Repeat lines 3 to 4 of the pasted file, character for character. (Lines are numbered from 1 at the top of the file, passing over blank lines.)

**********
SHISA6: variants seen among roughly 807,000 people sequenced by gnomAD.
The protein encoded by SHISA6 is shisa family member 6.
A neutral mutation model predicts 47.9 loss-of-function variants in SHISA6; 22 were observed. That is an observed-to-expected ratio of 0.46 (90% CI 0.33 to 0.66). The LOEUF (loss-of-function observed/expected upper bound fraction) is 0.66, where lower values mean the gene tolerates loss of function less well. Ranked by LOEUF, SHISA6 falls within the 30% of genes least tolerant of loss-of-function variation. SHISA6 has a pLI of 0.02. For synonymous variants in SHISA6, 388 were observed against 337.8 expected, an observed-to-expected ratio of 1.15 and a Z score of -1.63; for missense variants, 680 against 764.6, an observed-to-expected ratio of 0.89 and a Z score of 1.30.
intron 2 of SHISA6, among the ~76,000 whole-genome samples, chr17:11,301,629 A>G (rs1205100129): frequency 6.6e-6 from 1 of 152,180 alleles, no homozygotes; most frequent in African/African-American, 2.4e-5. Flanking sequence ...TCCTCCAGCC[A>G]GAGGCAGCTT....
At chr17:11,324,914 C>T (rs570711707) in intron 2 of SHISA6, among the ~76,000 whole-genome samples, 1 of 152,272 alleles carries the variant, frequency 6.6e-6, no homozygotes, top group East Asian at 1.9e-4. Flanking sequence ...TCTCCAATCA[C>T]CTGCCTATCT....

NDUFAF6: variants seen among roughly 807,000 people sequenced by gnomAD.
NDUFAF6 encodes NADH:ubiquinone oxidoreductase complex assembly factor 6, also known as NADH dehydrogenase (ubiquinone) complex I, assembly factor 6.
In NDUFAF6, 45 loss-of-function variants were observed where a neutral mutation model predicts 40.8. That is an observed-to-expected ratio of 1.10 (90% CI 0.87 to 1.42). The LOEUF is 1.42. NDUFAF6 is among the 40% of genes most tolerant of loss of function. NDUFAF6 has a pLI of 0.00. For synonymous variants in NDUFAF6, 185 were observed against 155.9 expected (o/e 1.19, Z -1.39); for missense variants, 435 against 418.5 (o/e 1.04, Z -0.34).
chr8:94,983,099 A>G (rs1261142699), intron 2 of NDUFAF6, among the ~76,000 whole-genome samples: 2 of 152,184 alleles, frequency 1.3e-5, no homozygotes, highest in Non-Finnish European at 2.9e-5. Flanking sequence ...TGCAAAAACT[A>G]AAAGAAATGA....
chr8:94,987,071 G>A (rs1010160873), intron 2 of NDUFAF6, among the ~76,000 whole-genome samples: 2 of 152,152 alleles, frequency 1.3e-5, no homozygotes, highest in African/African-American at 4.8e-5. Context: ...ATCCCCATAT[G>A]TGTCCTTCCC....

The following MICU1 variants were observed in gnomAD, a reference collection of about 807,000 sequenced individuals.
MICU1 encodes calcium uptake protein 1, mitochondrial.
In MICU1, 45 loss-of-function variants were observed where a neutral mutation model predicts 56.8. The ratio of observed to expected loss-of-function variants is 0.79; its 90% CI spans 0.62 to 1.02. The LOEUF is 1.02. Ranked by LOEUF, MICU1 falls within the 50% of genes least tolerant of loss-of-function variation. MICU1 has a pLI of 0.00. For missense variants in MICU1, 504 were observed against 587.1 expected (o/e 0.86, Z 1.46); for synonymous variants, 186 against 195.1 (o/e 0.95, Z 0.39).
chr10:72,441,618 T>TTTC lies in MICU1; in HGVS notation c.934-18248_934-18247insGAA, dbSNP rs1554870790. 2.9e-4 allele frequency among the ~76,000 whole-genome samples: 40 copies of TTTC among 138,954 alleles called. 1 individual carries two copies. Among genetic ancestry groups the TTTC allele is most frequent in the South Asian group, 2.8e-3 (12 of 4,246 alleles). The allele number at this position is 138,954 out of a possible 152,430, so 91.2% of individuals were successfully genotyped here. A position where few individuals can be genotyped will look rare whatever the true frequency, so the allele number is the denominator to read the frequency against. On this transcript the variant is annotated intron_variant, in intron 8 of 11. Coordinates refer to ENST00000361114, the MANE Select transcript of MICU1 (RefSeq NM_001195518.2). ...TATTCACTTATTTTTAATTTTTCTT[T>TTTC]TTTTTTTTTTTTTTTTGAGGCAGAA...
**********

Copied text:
A neutral mutation model predicts 47.9 loss-of-function variants in SHISA6; 22 were observed. That is an observed-to-expected ratio of 0.46 (90% CI 0.33 to 0.66). The LOEUF (loss-of-function observed/expected upper bound fraction) is 0.66, where lower values mean the gene tolerates loss of function less well. Ranked by LOEUF, SHISA6 falls within the 30% of genes least tolerant of loss-of-function variation. SHISA6 has a pLI of 0.02. For synonymous variants in SHISA6, 388 were observed against 337.8 expected, an observed-to-expected ratio of 1.15 and a Z score of -1.63; for missense variants, 680 against 764.6, an observed-to-expected ratio of 0.89 and a Z score of 1.30.
intron 2 of SHISA6, among the ~76,000 whole-genome samples, chr17:11,301,629 A>G (rs1205100129): frequency 6.6e-6 from 1 of 152,180 alleles, no homozygotes; most frequent in African/African-American, 2.4e-5. Flanking sequence ...TCCTCCAGCC[A>G]GAGGCAGCTT....